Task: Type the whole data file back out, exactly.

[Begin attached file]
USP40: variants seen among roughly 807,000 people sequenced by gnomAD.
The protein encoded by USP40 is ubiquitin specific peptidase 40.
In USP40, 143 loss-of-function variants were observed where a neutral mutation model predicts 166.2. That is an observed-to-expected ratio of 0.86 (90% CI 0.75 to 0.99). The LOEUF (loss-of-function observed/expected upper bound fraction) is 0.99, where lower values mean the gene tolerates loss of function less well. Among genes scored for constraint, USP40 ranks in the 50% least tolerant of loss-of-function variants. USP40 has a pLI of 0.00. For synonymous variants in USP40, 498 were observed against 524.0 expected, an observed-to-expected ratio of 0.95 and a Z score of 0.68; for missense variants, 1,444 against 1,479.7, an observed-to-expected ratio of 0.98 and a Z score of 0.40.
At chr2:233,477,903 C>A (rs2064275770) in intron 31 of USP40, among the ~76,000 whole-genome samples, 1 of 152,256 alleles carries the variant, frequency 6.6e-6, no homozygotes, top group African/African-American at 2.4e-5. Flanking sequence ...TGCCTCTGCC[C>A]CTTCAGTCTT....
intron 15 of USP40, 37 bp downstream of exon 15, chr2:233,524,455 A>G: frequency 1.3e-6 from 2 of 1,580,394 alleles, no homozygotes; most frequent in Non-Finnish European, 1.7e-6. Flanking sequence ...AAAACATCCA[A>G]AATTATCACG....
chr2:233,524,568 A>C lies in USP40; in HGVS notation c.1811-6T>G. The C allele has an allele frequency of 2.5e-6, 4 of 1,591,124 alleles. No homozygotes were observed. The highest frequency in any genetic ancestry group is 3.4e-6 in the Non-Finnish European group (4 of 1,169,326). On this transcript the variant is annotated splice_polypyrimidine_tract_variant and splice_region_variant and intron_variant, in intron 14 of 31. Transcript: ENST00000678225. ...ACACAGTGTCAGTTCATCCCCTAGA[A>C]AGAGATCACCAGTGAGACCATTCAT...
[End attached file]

USP40: variants seen among roughly 807,000 people sequenced by gnomAD.
The protein encoded by USP40 is ubiquitin specific peptidase 40.
In USP40, 143 loss-of-function variants were observed where a neutral mutation model predicts 166.2. That is an observed-to-expected ratio of 0.86 (90% CI 0.75 to 0.99). The LOEUF (loss-of-function observed/expected upper bound fraction) is 0.99, where lower values mean the gene tolerates loss of function less well. Among genes scored for constraint, USP40 ranks in the 50% least tolerant of loss-of-function variants. USP40 has a pLI of 0.00. For synonymous variants in USP40, 498 were observed against 524.0 expected, an observed-to-expected ratio of 0.95 and a Z score of 0.68; for missense variants, 1,444 against 1,479.7, an observed-to-expected ratio of 0.98 and a Z score of 0.40.
At chr2:233,477,903 C>A (rs2064275770) in intron 31 of USP40, among the ~76,000 whole-genome samples, 1 of 152,256 alleles carries the variant, frequency 6.6e-6, no homozygotes, top group African/African-American at 2.4e-5. Flanking sequence ...TGCCTCTGCC[C>A]CTTCAGTCTT....
intron 15 of USP40, 37 bp downstream of exon 15, chr2:233,524,455 A>G: frequency 1.3e-6 from 2 of 1,580,394 alleles, no homozygotes; most frequent in Non-Finnish European, 1.7e-6. Flanking sequence ...AAAACATCCA[A>G]AATTATCACG....
chr2:233,524,568 A>C lies in USP40; in HGVS notation c.1811-6T>G. The C allele has an allele frequency of 2.5e-6, 4 of 1,591,124 alleles. No homozygotes were observed. The highest frequency in any genetic ancestry group is 3.4e-6 in the Non-Finnish European group (4 of 1,169,326). On this transcript the variant is annotated splice_polypyrimidine_tract_variant and splice_region_variant and intron_variant, in intron 14 of 31. Transcript: ENST00000678225. ...ACACAGTGTCAGTTCATCCCCTAGA[A>C]AGAGATCACCAGTGAGACCATTCAT...